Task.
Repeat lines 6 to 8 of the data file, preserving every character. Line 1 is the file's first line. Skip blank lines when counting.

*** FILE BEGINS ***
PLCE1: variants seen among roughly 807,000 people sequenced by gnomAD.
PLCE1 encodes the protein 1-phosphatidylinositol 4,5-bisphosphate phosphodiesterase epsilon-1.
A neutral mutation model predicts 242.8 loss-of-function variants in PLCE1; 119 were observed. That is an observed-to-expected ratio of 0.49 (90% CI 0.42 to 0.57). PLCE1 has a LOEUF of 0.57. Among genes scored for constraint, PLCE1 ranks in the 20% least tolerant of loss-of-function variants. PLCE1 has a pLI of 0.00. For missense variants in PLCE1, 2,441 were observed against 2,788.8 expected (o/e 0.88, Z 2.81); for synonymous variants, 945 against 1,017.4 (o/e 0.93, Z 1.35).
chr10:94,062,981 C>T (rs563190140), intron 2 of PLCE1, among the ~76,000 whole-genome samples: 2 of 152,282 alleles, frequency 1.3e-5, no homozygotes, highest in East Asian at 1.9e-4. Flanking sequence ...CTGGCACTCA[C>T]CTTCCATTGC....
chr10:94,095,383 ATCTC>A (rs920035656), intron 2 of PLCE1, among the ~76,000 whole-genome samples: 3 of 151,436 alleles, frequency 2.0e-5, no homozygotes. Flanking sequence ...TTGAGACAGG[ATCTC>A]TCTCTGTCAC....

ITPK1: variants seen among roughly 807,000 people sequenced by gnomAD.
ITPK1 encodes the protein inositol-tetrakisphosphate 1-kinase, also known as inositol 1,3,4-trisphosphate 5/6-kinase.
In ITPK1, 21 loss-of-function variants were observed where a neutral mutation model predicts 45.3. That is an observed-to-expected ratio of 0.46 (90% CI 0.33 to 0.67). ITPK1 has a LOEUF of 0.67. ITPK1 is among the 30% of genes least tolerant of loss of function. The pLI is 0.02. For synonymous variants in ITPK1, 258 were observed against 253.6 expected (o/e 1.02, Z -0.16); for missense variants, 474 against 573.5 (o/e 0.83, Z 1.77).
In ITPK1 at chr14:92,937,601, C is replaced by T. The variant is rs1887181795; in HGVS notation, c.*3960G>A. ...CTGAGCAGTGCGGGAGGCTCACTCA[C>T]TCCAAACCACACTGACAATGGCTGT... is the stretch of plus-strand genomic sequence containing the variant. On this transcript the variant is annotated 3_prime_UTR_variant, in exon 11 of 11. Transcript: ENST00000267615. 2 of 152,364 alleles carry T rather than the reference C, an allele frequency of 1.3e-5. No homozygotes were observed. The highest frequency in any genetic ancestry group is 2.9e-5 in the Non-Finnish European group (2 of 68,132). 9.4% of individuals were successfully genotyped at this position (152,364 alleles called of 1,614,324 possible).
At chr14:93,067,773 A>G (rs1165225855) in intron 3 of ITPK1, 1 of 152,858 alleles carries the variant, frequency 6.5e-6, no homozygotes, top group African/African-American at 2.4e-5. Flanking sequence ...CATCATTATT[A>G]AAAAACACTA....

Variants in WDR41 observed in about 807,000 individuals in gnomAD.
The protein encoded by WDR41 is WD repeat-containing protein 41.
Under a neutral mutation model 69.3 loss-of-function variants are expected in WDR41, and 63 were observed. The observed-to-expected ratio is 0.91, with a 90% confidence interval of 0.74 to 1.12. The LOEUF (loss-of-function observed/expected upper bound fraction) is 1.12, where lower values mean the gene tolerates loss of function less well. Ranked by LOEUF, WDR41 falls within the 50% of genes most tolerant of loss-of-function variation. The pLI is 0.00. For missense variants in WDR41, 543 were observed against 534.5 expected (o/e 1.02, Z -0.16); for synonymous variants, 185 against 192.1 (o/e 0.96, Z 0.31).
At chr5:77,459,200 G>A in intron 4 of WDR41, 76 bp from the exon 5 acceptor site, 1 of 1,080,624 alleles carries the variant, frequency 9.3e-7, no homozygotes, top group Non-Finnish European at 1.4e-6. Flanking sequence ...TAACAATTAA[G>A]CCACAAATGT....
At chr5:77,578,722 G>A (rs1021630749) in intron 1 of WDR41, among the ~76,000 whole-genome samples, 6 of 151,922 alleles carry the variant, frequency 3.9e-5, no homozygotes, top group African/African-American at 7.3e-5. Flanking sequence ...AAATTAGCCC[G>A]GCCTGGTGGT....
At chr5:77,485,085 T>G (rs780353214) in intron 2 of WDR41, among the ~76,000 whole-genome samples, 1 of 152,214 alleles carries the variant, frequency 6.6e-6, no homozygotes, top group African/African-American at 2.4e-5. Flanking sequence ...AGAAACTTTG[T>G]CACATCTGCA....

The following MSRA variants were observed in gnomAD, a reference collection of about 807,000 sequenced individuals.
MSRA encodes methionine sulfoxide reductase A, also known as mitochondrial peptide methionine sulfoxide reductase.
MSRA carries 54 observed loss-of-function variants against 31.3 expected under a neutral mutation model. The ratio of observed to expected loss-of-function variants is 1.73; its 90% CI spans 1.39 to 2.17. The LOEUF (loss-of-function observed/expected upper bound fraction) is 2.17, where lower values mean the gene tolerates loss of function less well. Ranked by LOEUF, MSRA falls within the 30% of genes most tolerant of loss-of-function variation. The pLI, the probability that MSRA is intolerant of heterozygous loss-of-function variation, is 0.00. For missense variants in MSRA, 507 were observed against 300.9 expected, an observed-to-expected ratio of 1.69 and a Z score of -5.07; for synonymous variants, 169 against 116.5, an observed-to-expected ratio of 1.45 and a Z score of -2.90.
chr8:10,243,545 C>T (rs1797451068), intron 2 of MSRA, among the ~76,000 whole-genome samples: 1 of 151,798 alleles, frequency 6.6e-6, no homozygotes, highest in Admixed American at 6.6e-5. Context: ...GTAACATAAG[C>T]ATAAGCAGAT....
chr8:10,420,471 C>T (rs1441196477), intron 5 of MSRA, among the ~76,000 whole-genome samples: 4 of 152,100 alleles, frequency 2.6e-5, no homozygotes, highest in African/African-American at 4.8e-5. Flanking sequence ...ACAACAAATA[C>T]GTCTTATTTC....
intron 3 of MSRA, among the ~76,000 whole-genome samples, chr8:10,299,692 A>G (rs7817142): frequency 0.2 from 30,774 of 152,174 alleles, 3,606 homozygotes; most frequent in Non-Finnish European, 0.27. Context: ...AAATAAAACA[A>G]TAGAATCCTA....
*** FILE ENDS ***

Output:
ITPK1: variants seen among roughly 807,000 people sequenced by gnomAD.
ITPK1 encodes the protein inositol-tetrakisphosphate 1-kinase, also known as inositol 1,3,4-trisphosphate 5/6-kinase.
In ITPK1, 21 loss-of-function variants were observed where a neutral mutation model predicts 45.3. That is an observed-to-expected ratio of 0.46 (90% CI 0.33 to 0.67). ITPK1 has a LOEUF of 0.67. ITPK1 is among the 30% of genes least tolerant of loss of function. The pLI is 0.02. For synonymous variants in ITPK1, 258 were observed against 253.6 expected (o/e 1.02, Z -0.16); for missense variants, 474 against 573.5 (o/e 0.83, Z 1.77).